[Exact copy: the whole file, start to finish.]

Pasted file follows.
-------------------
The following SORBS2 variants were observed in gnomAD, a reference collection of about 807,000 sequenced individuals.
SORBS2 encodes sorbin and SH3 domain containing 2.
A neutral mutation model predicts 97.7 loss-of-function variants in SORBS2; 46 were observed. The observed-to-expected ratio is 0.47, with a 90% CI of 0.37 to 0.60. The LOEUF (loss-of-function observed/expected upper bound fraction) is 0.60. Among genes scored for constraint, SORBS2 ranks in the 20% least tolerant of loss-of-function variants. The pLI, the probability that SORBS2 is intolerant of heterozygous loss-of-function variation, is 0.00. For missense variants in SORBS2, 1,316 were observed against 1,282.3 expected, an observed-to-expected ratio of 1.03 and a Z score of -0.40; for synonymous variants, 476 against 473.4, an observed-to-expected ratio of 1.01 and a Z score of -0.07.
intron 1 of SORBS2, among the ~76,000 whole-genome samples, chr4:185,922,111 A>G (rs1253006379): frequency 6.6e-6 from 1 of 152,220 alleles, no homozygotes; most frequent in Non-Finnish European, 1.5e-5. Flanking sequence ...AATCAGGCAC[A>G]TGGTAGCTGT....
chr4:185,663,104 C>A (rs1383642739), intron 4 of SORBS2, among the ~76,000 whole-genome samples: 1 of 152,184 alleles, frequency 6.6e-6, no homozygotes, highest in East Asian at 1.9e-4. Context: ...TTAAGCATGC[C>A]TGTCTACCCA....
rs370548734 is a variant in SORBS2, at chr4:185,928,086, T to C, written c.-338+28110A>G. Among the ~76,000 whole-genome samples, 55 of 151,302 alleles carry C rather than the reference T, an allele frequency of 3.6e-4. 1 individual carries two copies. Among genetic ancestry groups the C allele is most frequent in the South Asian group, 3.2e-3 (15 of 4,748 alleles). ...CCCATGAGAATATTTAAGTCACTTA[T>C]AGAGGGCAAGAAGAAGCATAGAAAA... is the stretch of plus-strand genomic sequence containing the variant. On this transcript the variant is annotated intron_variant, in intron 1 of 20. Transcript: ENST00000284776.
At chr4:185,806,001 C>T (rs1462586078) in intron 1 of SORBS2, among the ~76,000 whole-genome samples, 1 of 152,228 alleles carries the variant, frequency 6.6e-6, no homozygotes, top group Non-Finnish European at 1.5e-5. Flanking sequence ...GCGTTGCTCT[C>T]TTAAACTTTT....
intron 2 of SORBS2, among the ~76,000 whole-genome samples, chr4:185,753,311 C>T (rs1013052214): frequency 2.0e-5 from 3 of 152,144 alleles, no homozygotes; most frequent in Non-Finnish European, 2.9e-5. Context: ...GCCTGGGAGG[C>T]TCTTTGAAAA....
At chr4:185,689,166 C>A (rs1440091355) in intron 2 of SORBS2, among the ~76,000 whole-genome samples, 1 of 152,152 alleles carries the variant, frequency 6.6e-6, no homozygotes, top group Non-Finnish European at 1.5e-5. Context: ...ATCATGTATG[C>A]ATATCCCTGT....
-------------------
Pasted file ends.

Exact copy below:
The following SORBS2 variants were observed in gnomAD, a reference collection of about 807,000 sequenced individuals.
SORBS2 encodes sorbin and SH3 domain containing 2.
A neutral mutation model predicts 97.7 loss-of-function variants in SORBS2; 46 were observed. The observed-to-expected ratio is 0.47, with a 90% CI of 0.37 to 0.60. The LOEUF (loss-of-function observed/expected upper bound fraction) is 0.60. Among genes scored for constraint, SORBS2 ranks in the 20% least tolerant of loss-of-function variants. The pLI, the probability that SORBS2 is intolerant of heterozygous loss-of-function variation, is 0.00. For missense variants in SORBS2, 1,316 were observed against 1,282.3 expected, an observed-to-expected ratio of 1.03 and a Z score of -0.40; for synonymous variants, 476 against 473.4, an observed-to-expected ratio of 1.01 and a Z score of -0.07.
intron 1 of SORBS2, among the ~76,000 whole-genome samples, chr4:185,922,111 A>G (rs1253006379): frequency 6.6e-6 from 1 of 152,220 alleles, no homozygotes; most frequent in Non-Finnish European, 1.5e-5. Flanking sequence ...AATCAGGCAC[A>G]TGGTAGCTGT....
chr4:185,663,104 C>A (rs1383642739), intron 4 of SORBS2, among the ~76,000 whole-genome samples: 1 of 152,184 alleles, frequency 6.6e-6, no homozygotes, highest in East Asian at 1.9e-4. Context: ...TTAAGCATGC[C>A]TGTCTACCCA....
rs370548734 is a variant in SORBS2, at chr4:185,928,086, T to C, written c.-338+28110A>G. Among the ~76,000 whole-genome samples, 55 of 151,302 alleles carry C rather than the reference T, an allele frequency of 3.6e-4. 1 individual carries two copies. Among genetic ancestry groups the C allele is most frequent in the South Asian group, 3.2e-3 (15 of 4,748 alleles). ...CCCATGAGAATATTTAAGTCACTTA[T>C]AGAGGGCAAGAAGAAGCATAGAAAA... is the stretch of plus-strand genomic sequence containing the variant. On this transcript the variant is annotated intron_variant, in intron 1 of 20. Transcript: ENST00000284776.
At chr4:185,806,001 C>T (rs1462586078) in intron 1 of SORBS2, among the ~76,000 whole-genome samples, 1 of 152,228 alleles carries the variant, frequency 6.6e-6, no homozygotes, top group Non-Finnish European at 1.5e-5. Flanking sequence ...GCGTTGCTCT[C>T]TTAAACTTTT....
intron 2 of SORBS2, among the ~76,000 whole-genome samples, chr4:185,753,311 C>T (rs1013052214): frequency 2.0e-5 from 3 of 152,144 alleles, no homozygotes; most frequent in Non-Finnish European, 2.9e-5. Context: ...GCCTGGGAGG[C>T]TCTTTGAAAA....
At chr4:185,689,166 C>A (rs1440091355) in intron 2 of SORBS2, among the ~76,000 whole-genome samples, 1 of 152,152 alleles carries the variant, frequency 6.6e-6, no homozygotes, top group Non-Finnish European at 1.5e-5. Context: ...ATCATGTATG[C>A]ATATCCCTGT....